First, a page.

Physical activity is protective against type 2 diabetes (T2D) incidence and supports T2D management. Access to local facilities such as gyms and parks enables leisure-time physical activity (LTPA) . We examined associations between T2D patients’ access to LTPA facilities and parks and whether repeated A1C follow-up tests were within a desired range. We analyzed data on 271,5 patients from the Veterans Administration Diabetes Risk Cohort who developed T2D from 2008-2018. We measured an A1C test as in-range if 5.0-7.0 (<80 years of age) or 5.0-8.5 (≥80 years of age) , density of facilities within street network buffers, and population-weighted distance to the closest 7 parks. We used generalized estimating equations with a logit link function to predict the log odds of an in-range vs. out-of-range A1C test. We tested environment-by-time interactions, controlling for individual and neighborhood demographics and baseline A1C. On average, patients were 60 years of age, male (95%) , white (71%) , and had A1C tests during follow-up. Higher facility density, but not park distance, was narrowly associated with lower odds ofan in-range A1C test (ORdensity=.99, 95% CI=.98, 1.0) . As years since T2D diagnosis increased, the odds of an in-range A1C test decreased (ORtime=.88, 95% CI=.88, .88) . For those living in higher facility density, the odds of an in-range A1C decreased over time by only a slightly lower factor than for those living in lower facility density (P<.0 for interaction term) . For those living farther from parks, the odds of an in-range A1C decreased over time by only a slightly higher factor than for those living closer to parks (P=.001) . As odds of in-range A1C tests decline over time, broader access to facilities and parks may not soften the decline since the modified effects were clinically negligible. Viable interventions for maintaining healthy A1C after diagnosis may include efforts to both increase access to and promote the use of the LTPA environment.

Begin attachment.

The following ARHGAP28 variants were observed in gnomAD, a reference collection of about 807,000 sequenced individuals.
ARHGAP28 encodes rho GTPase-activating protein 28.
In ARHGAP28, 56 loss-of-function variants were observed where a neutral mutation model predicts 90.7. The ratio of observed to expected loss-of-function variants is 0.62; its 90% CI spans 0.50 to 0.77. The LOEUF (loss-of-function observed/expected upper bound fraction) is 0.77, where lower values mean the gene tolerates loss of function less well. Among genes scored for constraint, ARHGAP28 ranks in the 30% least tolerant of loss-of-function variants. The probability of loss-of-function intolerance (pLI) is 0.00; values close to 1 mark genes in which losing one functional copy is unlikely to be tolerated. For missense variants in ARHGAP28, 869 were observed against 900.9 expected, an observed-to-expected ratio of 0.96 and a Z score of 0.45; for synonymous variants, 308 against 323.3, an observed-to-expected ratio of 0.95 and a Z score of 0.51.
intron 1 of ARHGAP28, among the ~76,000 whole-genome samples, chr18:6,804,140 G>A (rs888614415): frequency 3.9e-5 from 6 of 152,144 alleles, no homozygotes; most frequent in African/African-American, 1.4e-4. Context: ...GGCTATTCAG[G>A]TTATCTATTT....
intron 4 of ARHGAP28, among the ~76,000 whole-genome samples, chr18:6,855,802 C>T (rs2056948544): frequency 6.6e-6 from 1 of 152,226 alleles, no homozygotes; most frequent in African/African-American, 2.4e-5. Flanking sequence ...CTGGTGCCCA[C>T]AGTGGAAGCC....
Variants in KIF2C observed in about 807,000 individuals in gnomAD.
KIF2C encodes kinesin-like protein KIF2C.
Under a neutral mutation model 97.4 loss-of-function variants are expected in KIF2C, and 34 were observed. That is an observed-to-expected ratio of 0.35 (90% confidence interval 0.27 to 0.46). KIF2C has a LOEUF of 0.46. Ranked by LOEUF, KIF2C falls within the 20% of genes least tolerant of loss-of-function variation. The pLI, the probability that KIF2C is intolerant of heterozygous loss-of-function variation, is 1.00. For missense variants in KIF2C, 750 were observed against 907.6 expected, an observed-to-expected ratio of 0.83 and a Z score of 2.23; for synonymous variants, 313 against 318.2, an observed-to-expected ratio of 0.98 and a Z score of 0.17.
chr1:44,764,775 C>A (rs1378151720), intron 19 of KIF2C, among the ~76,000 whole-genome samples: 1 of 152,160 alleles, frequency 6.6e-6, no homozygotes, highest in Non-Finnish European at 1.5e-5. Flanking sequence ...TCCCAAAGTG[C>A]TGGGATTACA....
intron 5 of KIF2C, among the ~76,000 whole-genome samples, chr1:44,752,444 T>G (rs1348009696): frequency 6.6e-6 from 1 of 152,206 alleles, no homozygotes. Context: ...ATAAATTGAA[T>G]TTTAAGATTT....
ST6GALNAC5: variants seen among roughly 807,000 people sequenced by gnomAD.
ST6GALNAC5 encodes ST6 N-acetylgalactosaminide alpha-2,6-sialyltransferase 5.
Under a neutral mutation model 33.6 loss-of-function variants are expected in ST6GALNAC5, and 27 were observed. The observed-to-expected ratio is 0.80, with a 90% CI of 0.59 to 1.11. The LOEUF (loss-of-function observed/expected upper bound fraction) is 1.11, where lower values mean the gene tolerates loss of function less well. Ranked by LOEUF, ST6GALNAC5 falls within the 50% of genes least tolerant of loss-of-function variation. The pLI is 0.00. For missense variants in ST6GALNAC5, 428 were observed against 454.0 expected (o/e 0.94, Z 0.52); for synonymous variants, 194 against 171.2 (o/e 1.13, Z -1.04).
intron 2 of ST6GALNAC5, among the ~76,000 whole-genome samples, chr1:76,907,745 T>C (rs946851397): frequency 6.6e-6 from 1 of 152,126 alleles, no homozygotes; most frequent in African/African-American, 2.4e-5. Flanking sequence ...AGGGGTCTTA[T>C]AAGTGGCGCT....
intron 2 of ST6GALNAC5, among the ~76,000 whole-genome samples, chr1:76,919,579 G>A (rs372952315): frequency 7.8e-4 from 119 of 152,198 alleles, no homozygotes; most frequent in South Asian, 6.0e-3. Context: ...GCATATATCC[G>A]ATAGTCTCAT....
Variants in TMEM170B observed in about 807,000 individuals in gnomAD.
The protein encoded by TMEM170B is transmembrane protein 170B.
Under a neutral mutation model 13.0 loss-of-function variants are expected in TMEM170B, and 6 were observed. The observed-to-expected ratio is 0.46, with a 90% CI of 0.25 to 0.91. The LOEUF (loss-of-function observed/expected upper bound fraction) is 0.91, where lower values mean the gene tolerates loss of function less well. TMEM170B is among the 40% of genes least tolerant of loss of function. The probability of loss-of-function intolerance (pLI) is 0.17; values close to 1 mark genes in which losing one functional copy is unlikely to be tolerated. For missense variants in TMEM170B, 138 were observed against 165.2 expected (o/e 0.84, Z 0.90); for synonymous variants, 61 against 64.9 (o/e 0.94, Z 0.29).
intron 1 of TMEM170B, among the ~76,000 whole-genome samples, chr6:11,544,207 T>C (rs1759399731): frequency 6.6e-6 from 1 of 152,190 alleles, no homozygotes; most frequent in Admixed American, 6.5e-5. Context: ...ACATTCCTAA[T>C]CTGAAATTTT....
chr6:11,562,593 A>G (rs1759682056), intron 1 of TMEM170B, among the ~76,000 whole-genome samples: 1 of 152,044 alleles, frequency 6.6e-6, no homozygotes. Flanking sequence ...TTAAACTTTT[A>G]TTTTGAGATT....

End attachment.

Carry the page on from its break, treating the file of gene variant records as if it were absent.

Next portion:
S.L.Orstad: None. P.M.Lopez: None. S.Adhikari: Research Support; Johnson & Johnson. D.C.Lee: None. R.Kanchi: None. M.D.Schwartz: None. F.Alemi: None. B.Elbel: None. L.Thorpe: None.


This study was funded by the Centers for Disease Control and Prevention (5 U01DP006299-02-00; PI: Lorna Thorpe)

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